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Minimally Invasive Treatment Gives Hope to Epilepsy Patient

June 21, 2024

Matt R. had struggled with epilepsy for as long as he could remember. From the time he was 2, he’d been on medications to control his seizures that would work for a month or two, but then he’d outgrow them and need an increased dose or a new medication entirely.

“It was this spinning wheel I was on for the first 17 years of my life,” says Matt, now 29.

For 10 years, though — from the time he was 17 until he was 27 — Matt’s seizures went away, and he and his parents, Mark and Elaine, were lulled into a false sense of complacency. Although they had discussed surgical options with Matt’s doctors, “I was just afraid, to be honest with you,” says Matt. “I didn’t want to have brain surgery.”

Then, in January 2022, Matt had a seizure while he was driving that caused an accident. He was forced to give up his driver’s license until he could be seizure-free for six months.

At that point, Matt, who works on the New Jersey Department of Transportation's roadway design team, was ready to consider surgery.

An Effective Alternative to Open Brain Surgery

“I had heard about laser interstitial thermal therapy (LITT), and it was something I was interested in pursuing, especially because it was supposed to be very effective without involving open brain surgery,” says Matt.

LITT uses an MRI machine to guide a small probe with a laser, which delivers precisely controlled heat to unhealthy brain tissue. Once considered an emerging procedure, LITT is rapidly becoming standard practice and is an effective alternative to open brain surgery for conditions like brain tumors and certain types of epilepsy, says Ronald P. Benitez, MD, a neurosurgeon at Atlantic Brain and Spine, who is known for pioneering minimally invasive epilepsy surgery and robotic surgery for epilepsy monitoring and treatment.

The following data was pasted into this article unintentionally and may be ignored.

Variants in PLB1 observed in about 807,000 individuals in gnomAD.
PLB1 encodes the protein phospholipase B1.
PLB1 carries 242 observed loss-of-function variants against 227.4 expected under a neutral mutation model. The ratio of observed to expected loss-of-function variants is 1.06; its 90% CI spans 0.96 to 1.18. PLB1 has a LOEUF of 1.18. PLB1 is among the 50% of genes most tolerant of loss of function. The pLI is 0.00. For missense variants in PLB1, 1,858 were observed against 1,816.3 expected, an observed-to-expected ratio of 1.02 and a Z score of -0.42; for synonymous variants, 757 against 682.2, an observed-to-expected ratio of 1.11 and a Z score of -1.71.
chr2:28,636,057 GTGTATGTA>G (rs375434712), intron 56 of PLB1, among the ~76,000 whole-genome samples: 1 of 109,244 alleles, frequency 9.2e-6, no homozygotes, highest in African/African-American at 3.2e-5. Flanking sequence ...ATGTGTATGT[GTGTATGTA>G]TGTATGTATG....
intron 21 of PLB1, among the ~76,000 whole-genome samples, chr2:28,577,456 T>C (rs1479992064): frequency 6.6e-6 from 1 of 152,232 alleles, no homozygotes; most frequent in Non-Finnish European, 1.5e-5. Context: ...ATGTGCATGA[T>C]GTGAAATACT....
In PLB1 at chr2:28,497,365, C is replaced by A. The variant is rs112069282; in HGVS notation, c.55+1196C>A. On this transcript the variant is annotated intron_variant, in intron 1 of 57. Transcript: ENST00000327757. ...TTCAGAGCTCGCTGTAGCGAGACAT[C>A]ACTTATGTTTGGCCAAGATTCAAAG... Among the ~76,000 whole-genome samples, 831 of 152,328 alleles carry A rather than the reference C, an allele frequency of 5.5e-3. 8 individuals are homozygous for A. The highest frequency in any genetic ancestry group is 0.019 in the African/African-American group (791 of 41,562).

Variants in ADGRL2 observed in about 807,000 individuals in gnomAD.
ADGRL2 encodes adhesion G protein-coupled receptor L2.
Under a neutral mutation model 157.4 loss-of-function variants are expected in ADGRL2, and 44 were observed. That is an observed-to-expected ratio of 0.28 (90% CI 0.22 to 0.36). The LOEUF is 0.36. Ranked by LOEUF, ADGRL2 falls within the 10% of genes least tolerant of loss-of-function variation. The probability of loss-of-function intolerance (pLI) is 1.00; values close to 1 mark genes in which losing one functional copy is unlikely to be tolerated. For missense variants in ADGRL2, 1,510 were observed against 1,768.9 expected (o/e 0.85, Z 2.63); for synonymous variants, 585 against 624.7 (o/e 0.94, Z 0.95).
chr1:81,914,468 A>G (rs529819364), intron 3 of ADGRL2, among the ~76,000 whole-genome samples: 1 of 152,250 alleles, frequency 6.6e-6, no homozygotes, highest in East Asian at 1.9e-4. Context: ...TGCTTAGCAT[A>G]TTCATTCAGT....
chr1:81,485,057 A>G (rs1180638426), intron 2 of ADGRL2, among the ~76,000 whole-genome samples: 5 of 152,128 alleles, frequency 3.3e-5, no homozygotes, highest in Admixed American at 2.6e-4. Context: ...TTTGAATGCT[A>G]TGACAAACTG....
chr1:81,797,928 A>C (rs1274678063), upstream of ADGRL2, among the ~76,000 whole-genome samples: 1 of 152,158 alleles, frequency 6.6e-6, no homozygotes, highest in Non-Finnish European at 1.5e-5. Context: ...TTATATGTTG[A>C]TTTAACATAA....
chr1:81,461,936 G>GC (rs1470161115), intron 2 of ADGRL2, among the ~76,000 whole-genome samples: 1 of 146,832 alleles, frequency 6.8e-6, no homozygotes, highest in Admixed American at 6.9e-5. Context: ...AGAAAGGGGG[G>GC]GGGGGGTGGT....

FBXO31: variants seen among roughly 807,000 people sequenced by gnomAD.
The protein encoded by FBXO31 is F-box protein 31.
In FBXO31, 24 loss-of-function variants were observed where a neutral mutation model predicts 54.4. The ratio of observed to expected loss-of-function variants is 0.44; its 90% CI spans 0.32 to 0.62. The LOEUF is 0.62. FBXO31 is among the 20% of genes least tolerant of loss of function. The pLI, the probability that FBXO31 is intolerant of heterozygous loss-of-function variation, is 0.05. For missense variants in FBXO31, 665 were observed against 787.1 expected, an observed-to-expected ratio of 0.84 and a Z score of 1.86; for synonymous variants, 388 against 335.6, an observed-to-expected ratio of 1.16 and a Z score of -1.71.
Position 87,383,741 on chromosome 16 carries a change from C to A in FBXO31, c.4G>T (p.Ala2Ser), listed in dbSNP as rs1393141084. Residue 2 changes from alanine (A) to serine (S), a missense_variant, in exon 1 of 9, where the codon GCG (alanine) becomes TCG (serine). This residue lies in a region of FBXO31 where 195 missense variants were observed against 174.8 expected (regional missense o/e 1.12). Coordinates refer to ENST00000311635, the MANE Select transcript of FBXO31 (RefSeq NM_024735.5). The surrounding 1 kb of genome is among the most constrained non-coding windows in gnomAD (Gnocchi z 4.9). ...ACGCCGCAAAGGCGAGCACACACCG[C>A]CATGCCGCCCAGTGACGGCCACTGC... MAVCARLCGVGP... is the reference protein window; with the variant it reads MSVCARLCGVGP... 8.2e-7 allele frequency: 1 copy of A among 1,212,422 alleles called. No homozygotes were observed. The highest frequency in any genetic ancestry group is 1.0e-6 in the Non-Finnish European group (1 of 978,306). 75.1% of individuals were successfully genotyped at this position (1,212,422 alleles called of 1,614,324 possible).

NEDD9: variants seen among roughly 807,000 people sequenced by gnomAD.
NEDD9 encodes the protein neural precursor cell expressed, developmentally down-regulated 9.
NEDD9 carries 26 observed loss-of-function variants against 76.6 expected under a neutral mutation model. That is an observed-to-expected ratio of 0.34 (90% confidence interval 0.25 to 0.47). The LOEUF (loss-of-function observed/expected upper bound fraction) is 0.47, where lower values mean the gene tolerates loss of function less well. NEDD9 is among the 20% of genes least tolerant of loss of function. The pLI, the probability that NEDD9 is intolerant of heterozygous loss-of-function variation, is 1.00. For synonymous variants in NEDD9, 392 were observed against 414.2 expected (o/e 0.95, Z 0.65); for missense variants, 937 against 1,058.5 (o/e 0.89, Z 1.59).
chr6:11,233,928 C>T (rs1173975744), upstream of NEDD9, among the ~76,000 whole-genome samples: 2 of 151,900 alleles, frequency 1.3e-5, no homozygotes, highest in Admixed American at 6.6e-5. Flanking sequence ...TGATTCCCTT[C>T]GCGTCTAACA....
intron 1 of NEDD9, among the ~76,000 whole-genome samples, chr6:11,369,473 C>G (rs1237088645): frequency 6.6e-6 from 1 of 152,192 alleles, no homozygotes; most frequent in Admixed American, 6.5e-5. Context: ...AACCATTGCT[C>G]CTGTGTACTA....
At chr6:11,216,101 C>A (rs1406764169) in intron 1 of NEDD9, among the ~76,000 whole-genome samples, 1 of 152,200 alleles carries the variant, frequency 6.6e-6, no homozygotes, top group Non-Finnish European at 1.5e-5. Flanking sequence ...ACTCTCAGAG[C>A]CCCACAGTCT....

“LITT provides major advantages for patients, including shorter hospital stays and a lower risk of complications,” says Dr. Benitez.

Matt met with Dr. Benitez a few months after the car accident to see if LITT might be an option for him.

Dr. Benitez ordered a series of tests, including a pre-surgical evaluation called a Wada test that assesses how each side of the brain functions independently. The test is used to help predict seizure outcomes post-surgery.

According to the test results, Matt was an ideal candidate for LITT. “All of a sudden, some of the darkness started to lift,” says Mark.

“The New Matt”

About two years after his car accident, Matt had LITT to treat areas of his brain that were causing seizures.

“Compared to other epilepsy surgeries out there, it was very minor,” says Matt. “I only had six small incisions in my head, and the scars faded very quickly. The fact that they didn’t have to cut my head open was one of the aspects of the surgery that was most attractive to me.”

Matt says another attractive part of going to Dr. Benitez for LITT was how much he and his team clearly care about their patients.

“I’m so glad I chose Dr. Benitez as my surgeon,” he says. “He always took the time to explain everything to me and was very down to earth. The surgery was a complete success. I haven’t had a seizure since, and it’s now been six-months-plus.”

Mark describes Matt today as “the new Matt.”

“He’s blossomed since the surgery,” says Mark. “Seeing him now, not zoning out or missing pieces of the conversation, is just awesome.”

Matt’s noticed the difference, too. “I was quiet and shy before the surgery,” he says. “Since the surgery, though, I’ve opened up more, especially when it comes to being more public about my epilepsy. I want to make more people aware of the disease. I don’t feel like epilepsy gets as much attention as it deserves.”